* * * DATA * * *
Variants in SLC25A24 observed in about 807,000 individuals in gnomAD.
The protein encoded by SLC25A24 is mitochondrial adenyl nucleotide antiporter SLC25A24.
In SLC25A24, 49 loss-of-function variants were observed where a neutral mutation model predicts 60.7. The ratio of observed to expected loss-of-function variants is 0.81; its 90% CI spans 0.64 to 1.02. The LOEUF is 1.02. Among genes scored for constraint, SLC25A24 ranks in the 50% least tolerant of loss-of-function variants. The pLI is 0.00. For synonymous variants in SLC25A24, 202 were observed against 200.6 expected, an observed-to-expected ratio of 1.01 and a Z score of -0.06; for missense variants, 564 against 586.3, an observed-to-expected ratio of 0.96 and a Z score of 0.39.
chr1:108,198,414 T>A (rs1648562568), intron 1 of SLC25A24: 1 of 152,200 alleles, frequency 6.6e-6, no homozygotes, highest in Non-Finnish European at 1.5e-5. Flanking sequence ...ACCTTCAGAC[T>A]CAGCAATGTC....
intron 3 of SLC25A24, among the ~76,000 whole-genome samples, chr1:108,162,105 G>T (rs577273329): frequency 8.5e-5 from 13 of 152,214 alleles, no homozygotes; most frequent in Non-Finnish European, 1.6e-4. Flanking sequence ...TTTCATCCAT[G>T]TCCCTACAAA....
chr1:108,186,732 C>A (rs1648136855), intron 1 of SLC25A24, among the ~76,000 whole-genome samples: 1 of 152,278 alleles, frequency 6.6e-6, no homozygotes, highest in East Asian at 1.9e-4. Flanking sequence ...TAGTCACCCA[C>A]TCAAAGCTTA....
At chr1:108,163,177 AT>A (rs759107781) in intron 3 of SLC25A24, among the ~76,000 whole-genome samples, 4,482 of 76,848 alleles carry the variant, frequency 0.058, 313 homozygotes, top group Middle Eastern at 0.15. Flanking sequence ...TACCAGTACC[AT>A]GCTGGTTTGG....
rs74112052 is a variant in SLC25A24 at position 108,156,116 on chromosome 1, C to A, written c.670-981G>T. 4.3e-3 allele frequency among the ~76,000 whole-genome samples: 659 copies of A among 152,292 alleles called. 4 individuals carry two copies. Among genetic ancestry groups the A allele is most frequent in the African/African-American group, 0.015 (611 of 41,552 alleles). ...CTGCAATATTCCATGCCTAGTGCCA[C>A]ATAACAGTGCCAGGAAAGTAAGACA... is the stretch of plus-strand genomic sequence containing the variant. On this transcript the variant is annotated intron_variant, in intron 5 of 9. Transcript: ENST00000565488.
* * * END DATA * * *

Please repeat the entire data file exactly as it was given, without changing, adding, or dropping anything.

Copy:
Variants in SLC25A24 observed in about 807,000 individuals in gnomAD.
The protein encoded by SLC25A24 is mitochondrial adenyl nucleotide antiporter SLC25A24.
In SLC25A24, 49 loss-of-function variants were observed where a neutral mutation model predicts 60.7. The ratio of observed to expected loss-of-function variants is 0.81; its 90% CI spans 0.64 to 1.02. The LOEUF is 1.02. Among genes scored for constraint, SLC25A24 ranks in the 50% least tolerant of loss-of-function variants. The pLI is 0.00. For synonymous variants in SLC25A24, 202 were observed against 200.6 expected, an observed-to-expected ratio of 1.01 and a Z score of -0.06; for missense variants, 564 against 586.3, an observed-to-expected ratio of 0.96 and a Z score of 0.39.
chr1:108,198,414 T>A (rs1648562568), intron 1 of SLC25A24: 1 of 152,200 alleles, frequency 6.6e-6, no homozygotes, highest in Non-Finnish European at 1.5e-5. Flanking sequence ...ACCTTCAGAC[T>A]CAGCAATGTC....
intron 3 of SLC25A24, among the ~76,000 whole-genome samples, chr1:108,162,105 G>T (rs577273329): frequency 8.5e-5 from 13 of 152,214 alleles, no homozygotes; most frequent in Non-Finnish European, 1.6e-4. Flanking sequence ...TTTCATCCAT[G>T]TCCCTACAAA....
chr1:108,186,732 C>A (rs1648136855), intron 1 of SLC25A24, among the ~76,000 whole-genome samples: 1 of 152,278 alleles, frequency 6.6e-6, no homozygotes, highest in East Asian at 1.9e-4. Flanking sequence ...TAGTCACCCA[C>A]TCAAAGCTTA....
At chr1:108,163,177 AT>A (rs759107781) in intron 3 of SLC25A24, among the ~76,000 whole-genome samples, 4,482 of 76,848 alleles carry the variant, frequency 0.058, 313 homozygotes, top group Middle Eastern at 0.15. Flanking sequence ...TACCAGTACC[AT>A]GCTGGTTTGG....
rs74112052 is a variant in SLC25A24 at position 108,156,116 on chromosome 1, C to A, written c.670-981G>T. 4.3e-3 allele frequency among the ~76,000 whole-genome samples: 659 copies of A among 152,292 alleles called. 4 individuals carry two copies. Among genetic ancestry groups the A allele is most frequent in the African/African-American group, 0.015 (611 of 41,552 alleles). ...CTGCAATATTCCATGCCTAGTGCCA[C>A]ATAACAGTGCCAGGAAAGTAAGACA... is the stretch of plus-strand genomic sequence containing the variant. On this transcript the variant is annotated intron_variant, in intron 5 of 9. Transcript: ENST00000565488.